BERLIN – The US Treasury Department last week banned the Hamburg-based
European-Iranian Bank (Europaeisch- Iranische Handelsbank) from operating in the
US because it finances companies that help Iran build weapons of mass
NGOs in Germany and the US slammed German Chancellor Angela
Merkel’s administration for refusing to shut down a leading finance center for
nuclear proliferation and Teheran’s missile program.
“EIH has acted as a
key financial lifeline for Iran. As one of Iran’s few remaining access points to
the European financial system, EIH has facilitated a tremendous volume of
transactions for Iranian banks previously designated for proliferation,” Stuart
Levey, US under secretary for terrorism and financial intelligence, said in a
Treasury Department statement.
“As international sanctions tighten, Iran
will find it increasingly difficult to find banks like EIH that will cooperate
with it. Treasury will continue to target any bank, wherever located, that
supports Iran’s nuclear or missile programs,” said Levey, who oversees American
efforts to stop the financing of terrorism across the globe.
Treasury proffered a list of EIH’s proliferation activities. “In 2009, EIH and
Bank Mellat facilitated nearly $350,000 of business between a weapons exporter
and a subsidiary of WMD proliferator Iran Electronics Industries (IEI),” it
“In a six-month period beginning in late 2007, EIH and the Export
Development Bank of Iran enabled Iran’s missile programs to purchase more than
$3 million of material; also in 2007, almost $1m. in business involving an
Iranian WMD proliferator was facilitated by EIH and Bank Mellat.”
Dubowitz, executive director of the Washington-based Foundation for Defense of
Democracies and an expert on sanctions targeting Iran’s energy infrastructure,
told The Jerusalem Post on Sunday, “Germany, one of Iran’s most important trade
partners, has recently developed a fragile political consensus in favor of
tougher sanctions. German businessmen, however, remain wary of losing lucrative
deals and are testing the resolve of European and American
Michael Spaney, a spokesman for the German chapter of the Stop
the Bomb NGO, said in a statement last week, “We call on the German chancellor
to immediately ban EIH. Germany must at long last become active in the area of
Iran sanctions. It is up until now about empty phrases. The German government
contends it want to prevent a nuclear-armed Iran while continued intensive trade
is carried out with Iran.”
A Foreign Ministry spokesman in Berlin said
the US informed Germany in advance of its decision to ban the EIH from American
markets. The spokesman said a German bank regulatory agency is strictly
monitoring the EIH.
The veteran New York Times journalist John Vinocur
wrote in his August column that US President Barack Obama appealed to Merkel to
shut down the EIH, but he was snubbed by the chancellor.
The EIH said in
a statement that the EIH “at all times strictly fulfills and observes applicable
legal regulations and all sanctions and export guidelines.”
Europe’s largest Iranian trade partner, with annual trade volume around €4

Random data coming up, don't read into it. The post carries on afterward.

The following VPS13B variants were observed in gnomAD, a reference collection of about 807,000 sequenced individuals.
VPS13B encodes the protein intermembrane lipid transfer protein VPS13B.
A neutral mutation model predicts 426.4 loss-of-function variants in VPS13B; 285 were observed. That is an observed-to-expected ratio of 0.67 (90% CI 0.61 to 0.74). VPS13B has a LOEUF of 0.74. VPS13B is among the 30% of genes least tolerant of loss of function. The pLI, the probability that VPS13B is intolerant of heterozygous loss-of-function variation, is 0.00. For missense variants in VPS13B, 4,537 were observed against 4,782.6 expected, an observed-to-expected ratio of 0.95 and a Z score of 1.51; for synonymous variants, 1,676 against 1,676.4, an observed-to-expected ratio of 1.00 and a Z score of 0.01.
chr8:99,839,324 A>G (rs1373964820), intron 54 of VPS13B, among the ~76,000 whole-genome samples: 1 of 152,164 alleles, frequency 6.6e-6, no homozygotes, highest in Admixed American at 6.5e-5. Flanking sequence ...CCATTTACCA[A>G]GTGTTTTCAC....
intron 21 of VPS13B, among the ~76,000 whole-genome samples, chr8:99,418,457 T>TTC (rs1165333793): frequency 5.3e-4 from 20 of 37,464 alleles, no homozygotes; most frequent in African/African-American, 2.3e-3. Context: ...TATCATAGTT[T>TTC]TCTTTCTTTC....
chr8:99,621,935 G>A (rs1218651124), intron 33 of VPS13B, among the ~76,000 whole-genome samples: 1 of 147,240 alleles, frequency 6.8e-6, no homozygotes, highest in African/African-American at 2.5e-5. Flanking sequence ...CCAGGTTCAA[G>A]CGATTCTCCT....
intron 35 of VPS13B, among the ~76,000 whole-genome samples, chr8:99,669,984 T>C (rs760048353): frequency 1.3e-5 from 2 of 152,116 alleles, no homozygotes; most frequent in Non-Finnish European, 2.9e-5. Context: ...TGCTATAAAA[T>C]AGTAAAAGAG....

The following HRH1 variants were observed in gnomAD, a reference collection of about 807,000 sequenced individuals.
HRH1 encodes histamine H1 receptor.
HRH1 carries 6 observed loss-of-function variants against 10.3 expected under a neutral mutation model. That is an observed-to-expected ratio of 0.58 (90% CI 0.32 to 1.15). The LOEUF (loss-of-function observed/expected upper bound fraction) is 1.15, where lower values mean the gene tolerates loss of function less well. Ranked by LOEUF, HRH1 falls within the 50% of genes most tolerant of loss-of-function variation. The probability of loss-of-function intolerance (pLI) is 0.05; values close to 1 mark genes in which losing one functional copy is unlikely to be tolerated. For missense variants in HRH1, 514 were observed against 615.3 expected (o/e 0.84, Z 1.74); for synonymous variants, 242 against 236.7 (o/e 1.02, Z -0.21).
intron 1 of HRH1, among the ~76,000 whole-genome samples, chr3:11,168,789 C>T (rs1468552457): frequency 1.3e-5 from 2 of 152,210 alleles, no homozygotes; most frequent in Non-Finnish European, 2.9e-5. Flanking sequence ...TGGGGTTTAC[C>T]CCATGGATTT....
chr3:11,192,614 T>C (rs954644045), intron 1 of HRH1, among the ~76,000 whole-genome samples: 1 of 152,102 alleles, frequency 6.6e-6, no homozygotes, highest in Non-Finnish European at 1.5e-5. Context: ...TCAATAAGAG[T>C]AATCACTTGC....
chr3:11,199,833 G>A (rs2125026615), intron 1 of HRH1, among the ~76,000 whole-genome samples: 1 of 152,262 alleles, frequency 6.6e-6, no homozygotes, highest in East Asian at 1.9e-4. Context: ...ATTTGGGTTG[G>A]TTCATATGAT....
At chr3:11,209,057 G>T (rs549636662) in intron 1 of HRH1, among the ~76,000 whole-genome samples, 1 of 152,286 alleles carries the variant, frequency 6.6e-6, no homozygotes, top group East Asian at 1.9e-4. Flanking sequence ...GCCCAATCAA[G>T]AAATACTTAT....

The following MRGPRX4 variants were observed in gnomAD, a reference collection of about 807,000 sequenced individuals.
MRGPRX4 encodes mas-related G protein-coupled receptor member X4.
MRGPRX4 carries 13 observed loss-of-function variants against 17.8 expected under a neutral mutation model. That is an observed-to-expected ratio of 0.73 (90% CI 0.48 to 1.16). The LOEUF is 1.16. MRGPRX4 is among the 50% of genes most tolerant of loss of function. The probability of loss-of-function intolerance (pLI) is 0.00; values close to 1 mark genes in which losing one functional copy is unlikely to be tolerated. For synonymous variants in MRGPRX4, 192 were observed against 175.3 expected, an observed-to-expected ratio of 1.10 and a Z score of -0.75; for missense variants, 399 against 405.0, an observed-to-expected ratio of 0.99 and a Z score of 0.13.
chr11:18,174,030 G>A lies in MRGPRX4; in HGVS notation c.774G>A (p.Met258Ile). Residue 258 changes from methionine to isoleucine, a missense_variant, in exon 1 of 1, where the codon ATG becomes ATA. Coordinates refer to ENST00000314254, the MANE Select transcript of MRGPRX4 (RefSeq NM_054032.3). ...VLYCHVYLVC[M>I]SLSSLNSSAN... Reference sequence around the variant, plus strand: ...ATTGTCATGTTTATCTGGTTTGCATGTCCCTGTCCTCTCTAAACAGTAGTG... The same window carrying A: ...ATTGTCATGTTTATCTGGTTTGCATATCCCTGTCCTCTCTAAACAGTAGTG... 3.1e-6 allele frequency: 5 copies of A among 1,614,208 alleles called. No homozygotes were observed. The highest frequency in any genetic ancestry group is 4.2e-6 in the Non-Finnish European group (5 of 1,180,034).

billion, and the third largest global business partner of Iran after China and
the United Arab Emirates.
Despite the international community’s efforts
to isolate Iran, many German companies, particularly engineering firms have
defied sanctions. German exports to Iran increased by 14 percent during the
first half of 2010 compared to the same period a year earlier.
the Linde Group, a Munich-based industrial engineering specializing in gas
technology, confirmed in an e-mail to the Post on Friday that the company plans
to walk away from its Iran business. Uwe Wolfinger, a Linde spokesman, wrote
that the company had decided “to stop our activities in Iran and with Iran
According to Wolfinger, Linde conducted €39m. worth of trade
with Iran in 2009.
While Linde has pulled the plug on new deals with
Iran, ThyssenKrupp AG, an engineering and military conglomerate based in Essen,
plans to continue trading with the Islamic Republic.
Alexander Wilke, a
spokesman for ThyssenKrupp, wrote by e-mail to the Post on Friday that the
company will “adhere to the national and international export and embargo
regulations” but declined to answer questions about whether ThyssenKrupp would
stop doing business with Iran.
He said that “4.5% of the shares “of
ThyssenKrupp are owned by the Iranians and that its business with Iran amounted
to roughly “€40m. in business cycle 2008/2009.”
Dubowitz, from the
Foundation for Defense of Democracies, told the Post, “The Linde Group’s
decision to freeze any future deals with the Iranian regime is a positive signal
that some major German companies – Allianz, Munich Re, Hannover Re, Siemens, and
now Linde are examples – have decided that their European and US business
interests are more important than their Iranian ties.”
He added that “Any
sign, however, that Germany’s political leaders are wavering on sanctions – and
their refusal to shut down EIH’s and ThyssenKrupp’s activities is a worrying
development – could collapse the sanctions regime before it has time to
This could force the US and Israel to consider less peaceful
German supporters of Israel have criticized ThyssenKrupp
for failing to uphold Germany’s “special relationship” obligations to the
security of the Jewish state.
Thyssen and Krupp, which merged in 2000,
were major users of slave labor during World War II and deeply involved in
advancing the aims of the Holocaust.
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